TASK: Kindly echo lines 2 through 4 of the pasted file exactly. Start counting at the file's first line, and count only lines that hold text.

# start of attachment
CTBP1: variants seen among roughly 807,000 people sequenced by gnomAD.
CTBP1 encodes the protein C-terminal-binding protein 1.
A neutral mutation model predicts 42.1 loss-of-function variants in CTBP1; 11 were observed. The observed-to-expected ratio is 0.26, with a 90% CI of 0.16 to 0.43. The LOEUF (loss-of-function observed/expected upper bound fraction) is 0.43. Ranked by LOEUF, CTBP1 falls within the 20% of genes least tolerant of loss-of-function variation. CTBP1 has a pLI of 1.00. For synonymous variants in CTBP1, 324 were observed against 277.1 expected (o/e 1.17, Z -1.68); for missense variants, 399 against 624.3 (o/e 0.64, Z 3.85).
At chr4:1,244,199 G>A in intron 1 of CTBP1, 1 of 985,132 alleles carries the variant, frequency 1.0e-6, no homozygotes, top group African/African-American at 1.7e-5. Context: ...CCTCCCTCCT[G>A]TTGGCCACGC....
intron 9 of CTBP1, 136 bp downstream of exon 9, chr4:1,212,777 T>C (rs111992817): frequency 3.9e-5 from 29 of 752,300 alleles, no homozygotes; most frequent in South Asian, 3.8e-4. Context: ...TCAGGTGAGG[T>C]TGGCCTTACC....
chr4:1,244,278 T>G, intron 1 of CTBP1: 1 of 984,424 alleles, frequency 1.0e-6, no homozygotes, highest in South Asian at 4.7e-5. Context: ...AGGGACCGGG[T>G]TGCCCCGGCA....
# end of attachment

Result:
CTBP1 encodes the protein C-terminal-binding protein 1.
A neutral mutation model predicts 42.1 loss-of-function variants in CTBP1; 11 were observed. The observed-to-expected ratio is 0.26, with a 90% CI of 0.16 to 0.43. The LOEUF (loss-of-function observed/expected upper bound fraction) is 0.43. Ranked by LOEUF, CTBP1 falls within the 20% of genes least tolerant of loss-of-function variation. CTBP1 has a pLI of 1.00. For synonymous variants in CTBP1, 324 were observed against 277.1 expected (o/e 1.17, Z -1.68); for missense variants, 399 against 624.3 (o/e 0.64, Z 3.85).
At chr4:1,244,199 G>A in intron 1 of CTBP1, 1 of 985,132 alleles carries the variant, frequency 1.0e-6, no homozygotes, top group African/African-American at 1.7e-5. Context: ...CCTCCCTCCT[G>A]TTGGCCACGC....